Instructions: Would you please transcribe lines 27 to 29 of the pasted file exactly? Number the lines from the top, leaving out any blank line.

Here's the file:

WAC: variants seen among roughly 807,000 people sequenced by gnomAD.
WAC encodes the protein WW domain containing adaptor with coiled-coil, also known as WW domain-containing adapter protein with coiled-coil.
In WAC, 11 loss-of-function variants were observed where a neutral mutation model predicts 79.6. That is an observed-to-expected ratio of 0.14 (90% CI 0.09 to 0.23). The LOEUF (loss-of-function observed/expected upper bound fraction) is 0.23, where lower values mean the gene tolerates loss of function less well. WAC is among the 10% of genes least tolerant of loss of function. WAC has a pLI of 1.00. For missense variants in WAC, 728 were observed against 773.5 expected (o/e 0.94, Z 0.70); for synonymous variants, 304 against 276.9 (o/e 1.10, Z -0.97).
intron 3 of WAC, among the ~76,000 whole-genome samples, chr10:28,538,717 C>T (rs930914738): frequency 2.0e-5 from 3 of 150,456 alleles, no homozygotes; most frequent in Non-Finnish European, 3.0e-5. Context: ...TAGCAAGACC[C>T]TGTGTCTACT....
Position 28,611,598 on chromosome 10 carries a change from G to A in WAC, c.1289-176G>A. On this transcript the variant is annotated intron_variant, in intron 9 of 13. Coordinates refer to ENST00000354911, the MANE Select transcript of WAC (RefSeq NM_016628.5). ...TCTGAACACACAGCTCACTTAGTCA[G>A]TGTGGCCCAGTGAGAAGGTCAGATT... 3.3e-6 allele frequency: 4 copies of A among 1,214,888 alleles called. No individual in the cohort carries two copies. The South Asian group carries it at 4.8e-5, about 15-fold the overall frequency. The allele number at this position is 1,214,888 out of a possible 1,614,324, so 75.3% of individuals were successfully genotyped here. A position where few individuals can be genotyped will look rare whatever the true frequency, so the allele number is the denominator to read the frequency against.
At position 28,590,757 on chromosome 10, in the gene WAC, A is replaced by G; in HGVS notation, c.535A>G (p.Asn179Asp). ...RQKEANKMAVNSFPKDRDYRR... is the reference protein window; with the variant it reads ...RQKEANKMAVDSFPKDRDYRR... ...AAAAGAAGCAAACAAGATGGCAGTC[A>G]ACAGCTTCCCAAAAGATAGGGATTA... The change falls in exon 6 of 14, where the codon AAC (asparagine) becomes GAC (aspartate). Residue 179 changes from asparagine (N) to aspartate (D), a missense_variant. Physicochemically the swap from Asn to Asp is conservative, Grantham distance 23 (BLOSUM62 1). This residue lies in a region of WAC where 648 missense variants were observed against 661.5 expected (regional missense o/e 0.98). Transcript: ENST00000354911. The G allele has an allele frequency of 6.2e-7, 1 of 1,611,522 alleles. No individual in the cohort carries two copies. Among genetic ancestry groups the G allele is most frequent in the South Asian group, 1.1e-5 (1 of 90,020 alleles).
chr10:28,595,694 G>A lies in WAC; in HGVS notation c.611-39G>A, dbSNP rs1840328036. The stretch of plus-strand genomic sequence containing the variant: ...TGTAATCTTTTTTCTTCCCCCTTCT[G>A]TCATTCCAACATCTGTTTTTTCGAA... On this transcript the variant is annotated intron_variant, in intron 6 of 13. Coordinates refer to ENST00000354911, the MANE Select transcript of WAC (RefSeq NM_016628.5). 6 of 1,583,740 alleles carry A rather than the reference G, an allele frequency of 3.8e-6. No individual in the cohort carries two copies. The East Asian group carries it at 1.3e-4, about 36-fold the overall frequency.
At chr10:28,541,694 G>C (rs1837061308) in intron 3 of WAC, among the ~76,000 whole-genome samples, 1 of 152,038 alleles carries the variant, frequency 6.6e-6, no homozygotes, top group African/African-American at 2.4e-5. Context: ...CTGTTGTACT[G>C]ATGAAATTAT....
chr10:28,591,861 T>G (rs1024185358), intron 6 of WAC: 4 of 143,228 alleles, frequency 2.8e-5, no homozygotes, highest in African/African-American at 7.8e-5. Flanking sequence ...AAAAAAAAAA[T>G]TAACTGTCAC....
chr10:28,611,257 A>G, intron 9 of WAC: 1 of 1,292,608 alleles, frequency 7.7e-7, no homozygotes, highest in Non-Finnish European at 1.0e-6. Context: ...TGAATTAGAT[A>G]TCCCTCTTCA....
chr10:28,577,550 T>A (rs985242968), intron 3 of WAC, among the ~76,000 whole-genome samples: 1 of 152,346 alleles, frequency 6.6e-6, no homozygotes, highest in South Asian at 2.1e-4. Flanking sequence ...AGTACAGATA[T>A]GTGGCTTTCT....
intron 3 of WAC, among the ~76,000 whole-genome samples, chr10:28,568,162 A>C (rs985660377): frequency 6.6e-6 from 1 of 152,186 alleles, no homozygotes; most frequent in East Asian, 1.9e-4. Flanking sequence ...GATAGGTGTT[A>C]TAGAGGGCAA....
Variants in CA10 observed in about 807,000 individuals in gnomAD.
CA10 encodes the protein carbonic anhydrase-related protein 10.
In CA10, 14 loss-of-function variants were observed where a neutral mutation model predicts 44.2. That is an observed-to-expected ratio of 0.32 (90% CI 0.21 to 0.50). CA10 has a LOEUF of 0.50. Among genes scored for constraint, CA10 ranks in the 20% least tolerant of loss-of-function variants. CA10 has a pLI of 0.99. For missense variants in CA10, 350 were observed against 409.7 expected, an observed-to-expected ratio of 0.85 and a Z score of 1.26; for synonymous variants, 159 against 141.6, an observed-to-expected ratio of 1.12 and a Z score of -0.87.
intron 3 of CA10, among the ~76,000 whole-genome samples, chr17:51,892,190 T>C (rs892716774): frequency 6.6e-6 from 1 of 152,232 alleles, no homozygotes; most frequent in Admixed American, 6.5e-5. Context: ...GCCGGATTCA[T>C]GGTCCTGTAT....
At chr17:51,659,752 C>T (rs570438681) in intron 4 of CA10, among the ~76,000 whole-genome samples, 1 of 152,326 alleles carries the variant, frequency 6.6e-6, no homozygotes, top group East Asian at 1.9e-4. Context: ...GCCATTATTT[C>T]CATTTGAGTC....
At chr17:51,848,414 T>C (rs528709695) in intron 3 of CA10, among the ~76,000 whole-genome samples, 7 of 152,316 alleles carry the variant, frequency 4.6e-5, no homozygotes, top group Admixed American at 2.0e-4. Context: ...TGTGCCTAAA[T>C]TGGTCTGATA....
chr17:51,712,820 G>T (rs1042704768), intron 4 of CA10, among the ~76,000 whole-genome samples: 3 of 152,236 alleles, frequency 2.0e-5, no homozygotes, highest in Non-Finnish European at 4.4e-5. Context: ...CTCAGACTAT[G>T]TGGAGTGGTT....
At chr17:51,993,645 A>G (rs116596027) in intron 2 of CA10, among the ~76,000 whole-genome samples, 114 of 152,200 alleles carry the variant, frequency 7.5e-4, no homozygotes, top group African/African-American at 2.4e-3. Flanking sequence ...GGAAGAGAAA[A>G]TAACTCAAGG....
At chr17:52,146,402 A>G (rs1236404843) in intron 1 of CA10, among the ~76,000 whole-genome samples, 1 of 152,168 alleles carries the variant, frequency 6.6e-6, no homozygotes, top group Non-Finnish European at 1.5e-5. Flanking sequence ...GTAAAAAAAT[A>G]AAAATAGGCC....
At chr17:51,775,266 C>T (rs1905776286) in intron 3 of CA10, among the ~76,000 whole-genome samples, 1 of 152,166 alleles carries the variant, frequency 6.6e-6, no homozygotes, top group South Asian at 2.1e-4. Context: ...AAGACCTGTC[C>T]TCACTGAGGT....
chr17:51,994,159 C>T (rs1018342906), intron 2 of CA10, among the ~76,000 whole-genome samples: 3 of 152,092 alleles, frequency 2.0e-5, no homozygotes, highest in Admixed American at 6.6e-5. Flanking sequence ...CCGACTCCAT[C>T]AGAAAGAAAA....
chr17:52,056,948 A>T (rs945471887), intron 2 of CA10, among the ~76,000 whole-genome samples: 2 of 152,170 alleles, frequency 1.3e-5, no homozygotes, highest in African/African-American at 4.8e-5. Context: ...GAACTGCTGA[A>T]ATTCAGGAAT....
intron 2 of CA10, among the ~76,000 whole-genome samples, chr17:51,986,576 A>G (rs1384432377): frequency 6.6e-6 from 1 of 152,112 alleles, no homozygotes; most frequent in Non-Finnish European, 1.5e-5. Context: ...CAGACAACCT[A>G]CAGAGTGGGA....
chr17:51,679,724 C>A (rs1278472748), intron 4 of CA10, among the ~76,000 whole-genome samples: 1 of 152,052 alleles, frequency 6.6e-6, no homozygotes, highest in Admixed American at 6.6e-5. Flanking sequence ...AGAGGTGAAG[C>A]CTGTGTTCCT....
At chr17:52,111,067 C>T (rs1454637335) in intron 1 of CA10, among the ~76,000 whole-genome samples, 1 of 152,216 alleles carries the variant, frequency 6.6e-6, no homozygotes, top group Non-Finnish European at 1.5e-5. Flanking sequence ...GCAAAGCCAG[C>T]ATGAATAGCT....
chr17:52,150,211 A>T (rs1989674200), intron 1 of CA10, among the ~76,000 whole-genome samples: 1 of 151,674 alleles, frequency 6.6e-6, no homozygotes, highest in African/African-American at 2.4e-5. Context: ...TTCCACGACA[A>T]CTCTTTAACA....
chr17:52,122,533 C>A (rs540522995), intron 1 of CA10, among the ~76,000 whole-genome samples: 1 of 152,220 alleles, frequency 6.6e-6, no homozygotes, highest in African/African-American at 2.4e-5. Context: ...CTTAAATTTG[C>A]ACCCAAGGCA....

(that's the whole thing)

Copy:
At chr17:52,111,067 C>T (rs1454637335) in intron 1 of CA10, among the ~76,000 whole-genome samples, 1 of 152,216 alleles carries the variant, frequency 6.6e-6, no homozygotes, top group Non-Finnish European at 1.5e-5. Flanking sequence ...GCAAAGCCAG[C>T]ATGAATAGCT....
chr17:52,150,211 A>T (rs1989674200), intron 1 of CA10, among the ~76,000 whole-genome samples: 1 of 151,674 alleles, frequency 6.6e-6, no homozygotes, highest in African/African-American at 2.4e-5. Context: ...TTCCACGACA[A>T]CTCTTTAACA....
chr17:52,122,533 C>A (rs540522995), intron 1 of CA10, among the ~76,000 whole-genome samples: 1 of 152,220 alleles, frequency 6.6e-6, no homozygotes, highest in African/African-American at 2.4e-5. Context: ...CTTAAATTTG[C>A]ACCCAAGGCA....